Islamist Manifesto

By Kutschera, Chris | The Middle East, January 1998 | Go to article overview
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Islamist Manifesto


Kutschera, Chris, The Middle East


Apparently a meeting has been held between Rabah Kebir, for the FIS (the Algerian Islamic Salvation Front) and representatives of the Algerian and French governments. The meeting was supposedly set up at the initiative of the Sudanese government, in Holland, in 1995. The redemocratisation of the political life in Algeria was among the topics discussed but no follow up action was taken. It seems a number of Algerian generals heard of the meeting and blocked any further dialogue.

Although there have been rumours of meetings between the Algerian regime and the Islamists somewhere in Europe, this is the first time an authorised source - in fact, the person who initiated the contact - has confirmed details. Where can one find further details of this "scoop": in Hassan Al Turabi's book Islam, the world's future.

Hassan Al Turabi, officially the speaker of the Sudanese parliament, in fact the mastermind behind a regime considered by some - not only in the USA - as a terrorist octopus which threatens the stability of the whole of Africa, from Uganda to Eritrea and from Egypt to Algeria. Paradoxically, this book was published in French (by Editions Lattes, Paris) although traditionally the Sudan belongs to the British. Lattes is also better known as a publisher interested in commercial ventures that appeal to a large public, which is not the case, in France at least, for a book of dialogues on Islam.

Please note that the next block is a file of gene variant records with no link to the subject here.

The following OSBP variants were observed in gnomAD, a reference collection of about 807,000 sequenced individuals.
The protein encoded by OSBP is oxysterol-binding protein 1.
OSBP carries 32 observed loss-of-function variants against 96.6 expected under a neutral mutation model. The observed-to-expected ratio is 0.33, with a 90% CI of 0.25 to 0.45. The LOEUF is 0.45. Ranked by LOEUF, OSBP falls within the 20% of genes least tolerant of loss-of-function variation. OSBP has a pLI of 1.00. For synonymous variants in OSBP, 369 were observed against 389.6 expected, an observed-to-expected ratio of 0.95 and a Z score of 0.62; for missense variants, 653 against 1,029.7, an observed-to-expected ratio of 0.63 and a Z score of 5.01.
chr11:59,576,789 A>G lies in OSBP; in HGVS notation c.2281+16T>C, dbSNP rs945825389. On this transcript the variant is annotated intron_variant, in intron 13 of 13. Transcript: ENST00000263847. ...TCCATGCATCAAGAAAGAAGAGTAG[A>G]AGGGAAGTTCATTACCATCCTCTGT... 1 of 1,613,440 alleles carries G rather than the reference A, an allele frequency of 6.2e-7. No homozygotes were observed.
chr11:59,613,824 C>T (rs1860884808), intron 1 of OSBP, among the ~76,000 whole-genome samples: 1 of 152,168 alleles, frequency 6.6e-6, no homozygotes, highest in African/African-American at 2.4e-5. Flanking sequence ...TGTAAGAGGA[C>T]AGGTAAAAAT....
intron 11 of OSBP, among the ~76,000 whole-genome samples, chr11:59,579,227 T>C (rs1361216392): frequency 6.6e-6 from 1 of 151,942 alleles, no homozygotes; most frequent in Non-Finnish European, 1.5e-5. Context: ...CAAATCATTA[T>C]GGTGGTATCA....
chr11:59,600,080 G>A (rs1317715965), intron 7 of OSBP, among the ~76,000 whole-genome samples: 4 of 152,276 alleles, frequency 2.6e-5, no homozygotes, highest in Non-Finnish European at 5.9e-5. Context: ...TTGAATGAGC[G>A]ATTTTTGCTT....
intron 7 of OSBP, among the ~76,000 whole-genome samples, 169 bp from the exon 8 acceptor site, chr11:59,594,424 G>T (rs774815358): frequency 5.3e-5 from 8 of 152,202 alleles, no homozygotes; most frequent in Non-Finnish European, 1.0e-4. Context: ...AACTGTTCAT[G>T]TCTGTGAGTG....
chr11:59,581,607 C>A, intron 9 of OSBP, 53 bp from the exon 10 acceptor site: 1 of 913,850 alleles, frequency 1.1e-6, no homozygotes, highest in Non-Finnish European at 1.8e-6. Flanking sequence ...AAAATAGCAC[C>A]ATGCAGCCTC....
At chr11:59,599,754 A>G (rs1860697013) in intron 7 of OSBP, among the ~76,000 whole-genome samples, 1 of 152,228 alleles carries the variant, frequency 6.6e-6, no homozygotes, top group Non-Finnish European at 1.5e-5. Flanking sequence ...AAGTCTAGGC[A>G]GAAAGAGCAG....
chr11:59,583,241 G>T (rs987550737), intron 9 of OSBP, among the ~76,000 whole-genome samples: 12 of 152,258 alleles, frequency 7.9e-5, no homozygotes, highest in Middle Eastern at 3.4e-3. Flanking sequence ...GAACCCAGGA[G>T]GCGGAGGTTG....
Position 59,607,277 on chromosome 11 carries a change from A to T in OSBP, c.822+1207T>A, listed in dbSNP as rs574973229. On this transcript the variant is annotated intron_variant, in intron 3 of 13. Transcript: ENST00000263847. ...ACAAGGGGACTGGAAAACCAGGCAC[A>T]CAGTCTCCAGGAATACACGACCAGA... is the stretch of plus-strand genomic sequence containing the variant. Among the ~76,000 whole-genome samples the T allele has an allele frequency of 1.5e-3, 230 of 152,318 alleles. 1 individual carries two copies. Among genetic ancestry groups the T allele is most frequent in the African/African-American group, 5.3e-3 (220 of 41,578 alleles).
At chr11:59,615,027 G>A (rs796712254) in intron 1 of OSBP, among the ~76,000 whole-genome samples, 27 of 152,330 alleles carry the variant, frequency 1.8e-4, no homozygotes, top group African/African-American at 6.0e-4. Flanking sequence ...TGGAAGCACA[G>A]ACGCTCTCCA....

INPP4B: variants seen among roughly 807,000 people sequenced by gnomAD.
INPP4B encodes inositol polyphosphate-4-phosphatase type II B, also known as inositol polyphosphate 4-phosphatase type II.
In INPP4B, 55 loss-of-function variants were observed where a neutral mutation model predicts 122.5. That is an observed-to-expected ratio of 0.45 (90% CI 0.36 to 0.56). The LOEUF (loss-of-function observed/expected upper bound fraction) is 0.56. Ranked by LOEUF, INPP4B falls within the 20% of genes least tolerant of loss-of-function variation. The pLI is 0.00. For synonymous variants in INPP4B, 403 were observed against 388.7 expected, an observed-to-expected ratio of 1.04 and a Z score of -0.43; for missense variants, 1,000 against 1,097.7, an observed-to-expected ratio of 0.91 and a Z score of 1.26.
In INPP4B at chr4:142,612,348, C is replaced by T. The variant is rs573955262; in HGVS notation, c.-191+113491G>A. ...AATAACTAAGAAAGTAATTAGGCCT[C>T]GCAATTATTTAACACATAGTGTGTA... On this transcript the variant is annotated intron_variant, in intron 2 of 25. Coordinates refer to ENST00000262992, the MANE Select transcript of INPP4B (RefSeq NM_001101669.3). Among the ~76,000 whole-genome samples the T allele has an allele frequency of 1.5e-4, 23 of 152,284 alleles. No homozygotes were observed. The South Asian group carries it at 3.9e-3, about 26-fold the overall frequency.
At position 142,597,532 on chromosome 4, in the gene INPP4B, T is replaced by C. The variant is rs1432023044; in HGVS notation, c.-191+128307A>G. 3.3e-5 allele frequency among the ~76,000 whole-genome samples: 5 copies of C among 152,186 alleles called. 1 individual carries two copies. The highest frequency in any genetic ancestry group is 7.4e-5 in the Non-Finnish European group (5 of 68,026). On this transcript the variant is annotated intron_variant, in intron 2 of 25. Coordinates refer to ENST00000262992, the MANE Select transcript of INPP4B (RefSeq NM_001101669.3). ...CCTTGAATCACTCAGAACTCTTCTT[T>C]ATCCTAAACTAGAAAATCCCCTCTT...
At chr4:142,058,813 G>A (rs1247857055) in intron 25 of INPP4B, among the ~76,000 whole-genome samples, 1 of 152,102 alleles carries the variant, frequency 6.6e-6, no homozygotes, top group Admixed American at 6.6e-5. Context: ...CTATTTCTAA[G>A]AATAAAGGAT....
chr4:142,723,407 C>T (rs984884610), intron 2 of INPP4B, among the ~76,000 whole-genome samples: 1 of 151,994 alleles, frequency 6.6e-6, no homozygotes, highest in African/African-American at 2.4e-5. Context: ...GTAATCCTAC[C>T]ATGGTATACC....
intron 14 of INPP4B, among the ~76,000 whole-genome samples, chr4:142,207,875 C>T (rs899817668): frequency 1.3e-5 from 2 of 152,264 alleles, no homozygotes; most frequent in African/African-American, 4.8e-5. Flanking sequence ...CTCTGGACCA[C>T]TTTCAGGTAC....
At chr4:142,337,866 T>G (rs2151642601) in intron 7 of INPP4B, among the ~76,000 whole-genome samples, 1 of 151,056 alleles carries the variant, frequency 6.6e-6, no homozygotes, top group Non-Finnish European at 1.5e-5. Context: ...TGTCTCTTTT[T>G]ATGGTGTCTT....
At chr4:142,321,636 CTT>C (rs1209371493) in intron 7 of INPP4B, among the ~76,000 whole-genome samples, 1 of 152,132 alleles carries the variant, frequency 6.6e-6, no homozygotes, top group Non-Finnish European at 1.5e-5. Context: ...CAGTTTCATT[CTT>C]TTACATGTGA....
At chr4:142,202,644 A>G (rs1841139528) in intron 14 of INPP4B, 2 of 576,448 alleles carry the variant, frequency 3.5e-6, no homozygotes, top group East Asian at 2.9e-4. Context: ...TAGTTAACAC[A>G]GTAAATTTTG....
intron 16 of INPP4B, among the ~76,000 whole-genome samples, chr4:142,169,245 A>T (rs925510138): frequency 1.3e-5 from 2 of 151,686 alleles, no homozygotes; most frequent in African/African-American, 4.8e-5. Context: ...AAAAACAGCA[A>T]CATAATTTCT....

Alain Chevalerias, the co-author, is a French journalist who spent many months with the Afghan resistance in the 1980s. He had the idea of publishing a book of conversations with an Islamist leader who was sufficiently representative to put his point convincingly, to a wide audience. He told TME: "I was looking for somebody who would be authoritative and coherent enough to give a knowledge of militant Islam which would not be based on hearsay and commentaries. The Egyptian Muslim Brothers are not directly involved in politics. The Algerian Islamists are somewhat at the periphery of the movement, and they are quite parochial, as are the Tunistans, the Iranians are Shia.

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